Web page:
At one time or another we’ve all suffered the embarrassment of having our remarks corrected by a family member, friend, colleague, or stranger. 100 Words Almost Everyone Mixes Up or Mangles presents fifty pairs of words that people have trouble getting right and keeping straight — words that tend to get corrected when we’re least expecting it.
These words include near-synonyms, which are words with subtle but important distinctions in meaning, like baleful and baneful, and effectual and efficacious. Other pairings bring together notorious sound-alikes, like faze (bother) and phase (stage), pour (put in fluid) and pore (read closely), and waive (forgo) and wave (say hello). 100 Words Almost Everyone Mixes Up or Mangles also addresses some classic spelling blunders and “nonwords” that are often overlooked but should be treated with suspicion, such as beyond the pail, free reign, injust, and run the gambit.
Each word is followed by its definition and pronunciation, and most have etymologies explaining the word’s origin. The mix-ups themselves are described in engaging notes that provide clear solutions to help readers avoid making needless, uncomfortable gaffes in the future.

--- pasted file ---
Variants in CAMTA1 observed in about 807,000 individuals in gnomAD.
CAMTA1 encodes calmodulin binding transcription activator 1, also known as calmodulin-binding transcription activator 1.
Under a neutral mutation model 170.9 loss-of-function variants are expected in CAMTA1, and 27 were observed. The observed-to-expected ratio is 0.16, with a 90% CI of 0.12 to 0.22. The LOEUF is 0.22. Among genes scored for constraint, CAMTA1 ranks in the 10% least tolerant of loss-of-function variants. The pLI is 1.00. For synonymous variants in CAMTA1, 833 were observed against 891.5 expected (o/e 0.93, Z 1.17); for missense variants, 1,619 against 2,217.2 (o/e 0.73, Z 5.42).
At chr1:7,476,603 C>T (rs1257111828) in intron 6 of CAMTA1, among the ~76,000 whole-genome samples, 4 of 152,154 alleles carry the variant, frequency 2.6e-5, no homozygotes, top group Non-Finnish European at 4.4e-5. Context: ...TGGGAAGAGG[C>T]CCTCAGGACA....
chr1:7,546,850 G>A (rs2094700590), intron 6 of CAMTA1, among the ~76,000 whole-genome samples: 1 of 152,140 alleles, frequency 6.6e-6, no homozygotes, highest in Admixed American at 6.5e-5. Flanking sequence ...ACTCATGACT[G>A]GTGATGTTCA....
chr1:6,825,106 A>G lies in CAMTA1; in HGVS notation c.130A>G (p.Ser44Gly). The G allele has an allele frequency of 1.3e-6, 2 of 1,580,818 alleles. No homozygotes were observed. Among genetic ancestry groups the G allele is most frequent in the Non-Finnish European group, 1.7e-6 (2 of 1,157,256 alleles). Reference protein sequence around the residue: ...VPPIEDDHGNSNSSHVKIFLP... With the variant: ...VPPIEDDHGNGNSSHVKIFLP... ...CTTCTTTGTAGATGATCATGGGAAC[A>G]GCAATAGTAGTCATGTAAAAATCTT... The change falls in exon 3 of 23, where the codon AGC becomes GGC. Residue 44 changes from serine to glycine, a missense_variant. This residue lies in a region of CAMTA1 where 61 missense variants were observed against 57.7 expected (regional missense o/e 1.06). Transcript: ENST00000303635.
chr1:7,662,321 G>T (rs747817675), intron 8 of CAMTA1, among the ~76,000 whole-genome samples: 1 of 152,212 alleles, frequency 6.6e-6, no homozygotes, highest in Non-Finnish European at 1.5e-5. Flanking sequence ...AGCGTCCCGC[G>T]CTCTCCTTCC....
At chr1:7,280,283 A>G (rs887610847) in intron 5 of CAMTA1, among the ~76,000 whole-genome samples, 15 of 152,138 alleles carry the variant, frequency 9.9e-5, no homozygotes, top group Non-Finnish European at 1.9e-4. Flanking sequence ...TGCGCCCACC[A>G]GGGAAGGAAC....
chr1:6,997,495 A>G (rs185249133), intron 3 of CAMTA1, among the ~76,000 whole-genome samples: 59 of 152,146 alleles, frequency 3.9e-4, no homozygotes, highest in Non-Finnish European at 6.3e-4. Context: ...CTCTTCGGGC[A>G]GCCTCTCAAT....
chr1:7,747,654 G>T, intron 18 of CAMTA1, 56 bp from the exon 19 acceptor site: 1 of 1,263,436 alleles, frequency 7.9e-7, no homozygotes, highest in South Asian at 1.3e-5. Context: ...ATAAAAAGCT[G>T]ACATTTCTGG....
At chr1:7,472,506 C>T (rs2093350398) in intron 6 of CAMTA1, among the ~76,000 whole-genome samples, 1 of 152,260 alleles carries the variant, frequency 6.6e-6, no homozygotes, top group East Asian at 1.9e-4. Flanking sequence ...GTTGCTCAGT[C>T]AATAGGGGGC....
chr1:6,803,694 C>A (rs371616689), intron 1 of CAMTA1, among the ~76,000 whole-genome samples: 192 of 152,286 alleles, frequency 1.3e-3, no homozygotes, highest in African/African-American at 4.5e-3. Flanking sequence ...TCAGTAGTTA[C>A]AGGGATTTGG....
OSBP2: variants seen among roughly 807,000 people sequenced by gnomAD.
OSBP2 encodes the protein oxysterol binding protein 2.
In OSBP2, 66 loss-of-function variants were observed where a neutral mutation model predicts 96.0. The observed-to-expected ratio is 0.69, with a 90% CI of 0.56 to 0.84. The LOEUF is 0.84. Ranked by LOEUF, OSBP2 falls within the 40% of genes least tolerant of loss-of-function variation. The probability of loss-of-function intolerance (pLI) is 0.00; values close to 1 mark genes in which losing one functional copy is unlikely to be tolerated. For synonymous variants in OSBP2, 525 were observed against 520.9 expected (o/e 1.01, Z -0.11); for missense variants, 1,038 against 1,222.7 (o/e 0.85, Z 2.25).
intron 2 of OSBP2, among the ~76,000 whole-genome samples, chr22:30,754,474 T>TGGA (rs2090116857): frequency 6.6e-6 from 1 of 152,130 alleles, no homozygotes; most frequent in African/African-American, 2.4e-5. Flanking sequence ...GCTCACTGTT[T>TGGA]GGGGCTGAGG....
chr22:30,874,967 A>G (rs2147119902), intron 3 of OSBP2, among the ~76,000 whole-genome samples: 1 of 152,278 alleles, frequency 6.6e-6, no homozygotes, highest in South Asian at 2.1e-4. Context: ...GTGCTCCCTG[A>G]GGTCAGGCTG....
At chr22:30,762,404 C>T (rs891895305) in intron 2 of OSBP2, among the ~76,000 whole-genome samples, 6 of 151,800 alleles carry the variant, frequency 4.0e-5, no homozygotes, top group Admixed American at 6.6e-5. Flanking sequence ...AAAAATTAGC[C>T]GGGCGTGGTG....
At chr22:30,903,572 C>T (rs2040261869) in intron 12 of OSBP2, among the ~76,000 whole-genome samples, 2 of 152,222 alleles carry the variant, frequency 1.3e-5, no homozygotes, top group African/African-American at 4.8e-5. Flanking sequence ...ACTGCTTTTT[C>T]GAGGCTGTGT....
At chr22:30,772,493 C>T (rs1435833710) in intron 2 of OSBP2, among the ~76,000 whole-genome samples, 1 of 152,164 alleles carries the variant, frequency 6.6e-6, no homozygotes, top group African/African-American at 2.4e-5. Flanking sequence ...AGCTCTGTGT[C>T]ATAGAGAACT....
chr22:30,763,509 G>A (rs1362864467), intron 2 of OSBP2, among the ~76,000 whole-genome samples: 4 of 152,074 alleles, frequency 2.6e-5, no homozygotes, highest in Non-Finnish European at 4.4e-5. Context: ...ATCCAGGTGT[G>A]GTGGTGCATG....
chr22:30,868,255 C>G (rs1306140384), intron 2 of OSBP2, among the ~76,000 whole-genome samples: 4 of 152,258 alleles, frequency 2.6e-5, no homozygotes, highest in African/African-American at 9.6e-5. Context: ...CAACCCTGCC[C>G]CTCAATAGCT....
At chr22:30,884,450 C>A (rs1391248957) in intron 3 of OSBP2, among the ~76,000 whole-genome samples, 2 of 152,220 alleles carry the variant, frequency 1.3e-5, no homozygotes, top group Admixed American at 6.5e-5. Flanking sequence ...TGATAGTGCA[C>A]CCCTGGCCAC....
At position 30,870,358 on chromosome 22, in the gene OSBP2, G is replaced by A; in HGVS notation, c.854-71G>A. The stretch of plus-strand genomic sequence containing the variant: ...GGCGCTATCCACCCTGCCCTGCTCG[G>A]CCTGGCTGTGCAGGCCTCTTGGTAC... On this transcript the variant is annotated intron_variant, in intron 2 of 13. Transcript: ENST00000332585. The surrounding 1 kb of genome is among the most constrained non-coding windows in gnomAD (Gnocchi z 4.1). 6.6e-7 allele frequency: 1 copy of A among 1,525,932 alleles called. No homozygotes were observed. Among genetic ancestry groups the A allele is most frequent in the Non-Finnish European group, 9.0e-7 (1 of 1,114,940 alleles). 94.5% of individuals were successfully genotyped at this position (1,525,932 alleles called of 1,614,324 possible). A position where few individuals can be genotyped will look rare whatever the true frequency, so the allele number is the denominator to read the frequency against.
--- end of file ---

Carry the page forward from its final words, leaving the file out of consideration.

100 Words Almost Everyone Mixes Up or Mangles gives readers the opportunity to improve their conversation and their command of words and phrases that are often heard but rarely well expressed.
Here is a complete list of the words in 100 Words Almost Everyone Mixes Up or Mangles:
beyond the pale
no holds barred
sleight of hand
toe the line
Indo-European & Semitic Roots Appendices
Thousands of entries in the dictionary include etymologies that trace their origins back to reconstructed proto-languages. You can obtain more information about these forms in our online appendices:
The Indo-European appendix covers nearly half of the Indo-European roots that have left their mark on English words. A more complete treatment of Indo-European roots and the English words derived from them is available in our Dictionary of Indo-European Roots.
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